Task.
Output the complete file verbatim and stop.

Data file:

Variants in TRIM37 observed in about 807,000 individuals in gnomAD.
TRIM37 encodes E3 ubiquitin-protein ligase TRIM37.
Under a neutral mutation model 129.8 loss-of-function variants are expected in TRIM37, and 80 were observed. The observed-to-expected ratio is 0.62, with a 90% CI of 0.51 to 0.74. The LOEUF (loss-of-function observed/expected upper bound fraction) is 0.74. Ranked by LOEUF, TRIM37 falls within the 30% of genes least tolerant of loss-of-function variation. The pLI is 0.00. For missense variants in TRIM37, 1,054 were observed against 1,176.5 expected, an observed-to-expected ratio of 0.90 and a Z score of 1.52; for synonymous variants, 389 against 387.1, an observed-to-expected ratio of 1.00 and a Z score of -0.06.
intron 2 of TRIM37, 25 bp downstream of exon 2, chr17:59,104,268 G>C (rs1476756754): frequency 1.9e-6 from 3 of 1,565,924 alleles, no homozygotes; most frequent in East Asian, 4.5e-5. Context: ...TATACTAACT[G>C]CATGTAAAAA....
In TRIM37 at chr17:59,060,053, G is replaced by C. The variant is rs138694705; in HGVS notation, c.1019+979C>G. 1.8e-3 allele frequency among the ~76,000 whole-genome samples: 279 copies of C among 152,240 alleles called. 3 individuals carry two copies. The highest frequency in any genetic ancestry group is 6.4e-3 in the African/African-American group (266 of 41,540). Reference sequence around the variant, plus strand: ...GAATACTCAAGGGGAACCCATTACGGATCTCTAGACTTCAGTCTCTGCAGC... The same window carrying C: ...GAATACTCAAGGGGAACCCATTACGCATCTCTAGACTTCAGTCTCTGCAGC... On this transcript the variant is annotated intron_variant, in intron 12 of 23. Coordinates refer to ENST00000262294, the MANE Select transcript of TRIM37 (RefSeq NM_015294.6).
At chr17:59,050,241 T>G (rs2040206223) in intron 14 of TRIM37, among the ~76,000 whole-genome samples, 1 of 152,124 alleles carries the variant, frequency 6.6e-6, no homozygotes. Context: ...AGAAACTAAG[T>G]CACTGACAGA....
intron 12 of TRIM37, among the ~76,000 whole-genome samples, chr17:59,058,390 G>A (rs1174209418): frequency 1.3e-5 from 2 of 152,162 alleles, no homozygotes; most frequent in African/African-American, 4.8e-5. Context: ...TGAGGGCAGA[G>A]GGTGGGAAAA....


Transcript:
Variants in TRIM37 observed in about 807,000 individuals in gnomAD.
TRIM37 encodes E3 ubiquitin-protein ligase TRIM37.
Under a neutral mutation model 129.8 loss-of-function variants are expected in TRIM37, and 80 were observed. The observed-to-expected ratio is 0.62, with a 90% CI of 0.51 to 0.74. The LOEUF (loss-of-function observed/expected upper bound fraction) is 0.74. Ranked by LOEUF, TRIM37 falls within the 30% of genes least tolerant of loss-of-function variation. The pLI is 0.00. For missense variants in TRIM37, 1,054 were observed against 1,176.5 expected, an observed-to-expected ratio of 0.90 and a Z score of 1.52; for synonymous variants, 389 against 387.1, an observed-to-expected ratio of 1.00 and a Z score of -0.06.
intron 2 of TRIM37, 25 bp downstream of exon 2, chr17:59,104,268 G>C (rs1476756754): frequency 1.9e-6 from 3 of 1,565,924 alleles, no homozygotes; most frequent in East Asian, 4.5e-5. Context: ...TATACTAACT[G>C]CATGTAAAAA....
In TRIM37 at chr17:59,060,053, G is replaced by C. The variant is rs138694705; in HGVS notation, c.1019+979C>G. 1.8e-3 allele frequency among the ~76,000 whole-genome samples: 279 copies of C among 152,240 alleles called. 3 individuals carry two copies. The highest frequency in any genetic ancestry group is 6.4e-3 in the African/African-American group (266 of 41,540). Reference sequence around the variant, plus strand: ...GAATACTCAAGGGGAACCCATTACGGATCTCTAGACTTCAGTCTCTGCAGC... The same window carrying C: ...GAATACTCAAGGGGAACCCATTACGCATCTCTAGACTTCAGTCTCTGCAGC... On this transcript the variant is annotated intron_variant, in intron 12 of 23. Coordinates refer to ENST00000262294, the MANE Select transcript of TRIM37 (RefSeq NM_015294.6).
At chr17:59,050,241 T>G (rs2040206223) in intron 14 of TRIM37, among the ~76,000 whole-genome samples, 1 of 152,124 alleles carries the variant, frequency 6.6e-6, no homozygotes. Context: ...AGAAACTAAG[T>G]CACTGACAGA....
intron 12 of TRIM37, among the ~76,000 whole-genome samples, chr17:59,058,390 G>A (rs1174209418): frequency 1.3e-5 from 2 of 152,162 alleles, no homozygotes; most frequent in African/African-American, 4.8e-5. Context: ...TGAGGGCAGA[G>A]GGTGGGAAAA....